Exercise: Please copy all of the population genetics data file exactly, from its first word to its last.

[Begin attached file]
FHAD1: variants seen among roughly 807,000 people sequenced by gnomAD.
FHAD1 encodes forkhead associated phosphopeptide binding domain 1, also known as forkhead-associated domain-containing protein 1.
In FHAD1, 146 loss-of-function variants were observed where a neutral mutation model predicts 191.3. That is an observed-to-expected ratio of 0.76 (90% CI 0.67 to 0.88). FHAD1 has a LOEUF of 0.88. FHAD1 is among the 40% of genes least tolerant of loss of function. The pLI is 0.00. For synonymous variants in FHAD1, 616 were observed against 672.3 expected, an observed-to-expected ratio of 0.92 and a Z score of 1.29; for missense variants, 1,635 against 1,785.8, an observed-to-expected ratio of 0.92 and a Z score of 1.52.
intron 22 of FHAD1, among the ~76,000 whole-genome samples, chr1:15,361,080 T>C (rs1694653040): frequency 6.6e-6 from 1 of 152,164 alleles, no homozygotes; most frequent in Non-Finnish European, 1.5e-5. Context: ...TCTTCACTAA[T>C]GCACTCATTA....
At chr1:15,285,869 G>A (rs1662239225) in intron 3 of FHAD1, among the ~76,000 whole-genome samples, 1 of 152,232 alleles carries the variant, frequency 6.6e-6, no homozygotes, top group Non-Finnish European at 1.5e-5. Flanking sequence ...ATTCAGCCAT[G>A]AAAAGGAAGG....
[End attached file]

FHAD1: variants seen among roughly 807,000 people sequenced by gnomAD.
FHAD1 encodes forkhead associated phosphopeptide binding domain 1, also known as forkhead-associated domain-containing protein 1.
In FHAD1, 146 loss-of-function variants were observed where a neutral mutation model predicts 191.3. That is an observed-to-expected ratio of 0.76 (90% CI 0.67 to 0.88). FHAD1 has a LOEUF of 0.88. FHAD1 is among the 40% of genes least tolerant of loss of function. The pLI is 0.00. For synonymous variants in FHAD1, 616 were observed against 672.3 expected, an observed-to-expected ratio of 0.92 and a Z score of 1.29; for missense variants, 1,635 against 1,785.8, an observed-to-expected ratio of 0.92 and a Z score of 1.52.
intron 22 of FHAD1, among the ~76,000 whole-genome samples, chr1:15,361,080 T>C (rs1694653040): frequency 6.6e-6 from 1 of 152,164 alleles, no homozygotes; most frequent in Non-Finnish European, 1.5e-5. Context: ...TCTTCACTAA[T>C]GCACTCATTA....
At chr1:15,285,869 G>A (rs1662239225) in intron 3 of FHAD1, among the ~76,000 whole-genome samples, 1 of 152,232 alleles carries the variant, frequency 6.6e-6, no homozygotes, top group Non-Finnish European at 1.5e-5. Flanking sequence ...ATTCAGCCAT[G>A]AAAAGGAAGG....